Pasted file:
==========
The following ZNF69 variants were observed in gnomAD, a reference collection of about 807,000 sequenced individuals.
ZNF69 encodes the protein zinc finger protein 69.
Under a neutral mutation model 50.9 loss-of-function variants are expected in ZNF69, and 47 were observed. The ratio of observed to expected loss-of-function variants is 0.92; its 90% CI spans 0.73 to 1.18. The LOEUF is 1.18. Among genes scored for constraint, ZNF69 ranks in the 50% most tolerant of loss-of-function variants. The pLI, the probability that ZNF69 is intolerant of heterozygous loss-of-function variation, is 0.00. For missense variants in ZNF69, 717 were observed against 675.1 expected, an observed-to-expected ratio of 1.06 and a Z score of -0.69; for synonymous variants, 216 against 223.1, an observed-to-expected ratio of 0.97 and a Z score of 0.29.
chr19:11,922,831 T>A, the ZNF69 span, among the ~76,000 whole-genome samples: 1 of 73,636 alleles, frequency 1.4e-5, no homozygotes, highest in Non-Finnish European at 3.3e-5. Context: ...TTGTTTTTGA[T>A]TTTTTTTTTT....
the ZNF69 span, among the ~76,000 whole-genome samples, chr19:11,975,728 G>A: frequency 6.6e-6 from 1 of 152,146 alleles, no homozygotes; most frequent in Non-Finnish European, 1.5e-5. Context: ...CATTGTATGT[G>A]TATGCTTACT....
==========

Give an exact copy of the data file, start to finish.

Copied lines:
The following ZNF69 variants were observed in gnomAD, a reference collection of about 807,000 sequenced individuals.
ZNF69 encodes the protein zinc finger protein 69.
Under a neutral mutation model 50.9 loss-of-function variants are expected in ZNF69, and 47 were observed. The ratio of observed to expected loss-of-function variants is 0.92; its 90% CI spans 0.73 to 1.18. The LOEUF is 1.18. Among genes scored for constraint, ZNF69 ranks in the 50% most tolerant of loss-of-function variants. The pLI, the probability that ZNF69 is intolerant of heterozygous loss-of-function variation, is 0.00. For missense variants in ZNF69, 717 were observed against 675.1 expected, an observed-to-expected ratio of 1.06 and a Z score of -0.69; for synonymous variants, 216 against 223.1, an observed-to-expected ratio of 0.97 and a Z score of 0.29.
chr19:11,922,831 T>A, the ZNF69 span, among the ~76,000 whole-genome samples: 1 of 73,636 alleles, frequency 1.4e-5, no homozygotes, highest in Non-Finnish European at 3.3e-5. Context: ...TTGTTTTTGA[T>A]TTTTTTTTTT....
the ZNF69 span, among the ~76,000 whole-genome samples, chr19:11,975,728 G>A: frequency 6.6e-6 from 1 of 152,146 alleles, no homozygotes; most frequent in Non-Finnish European, 1.5e-5. Context: ...CATTGTATGT[G>A]TATGCTTACT....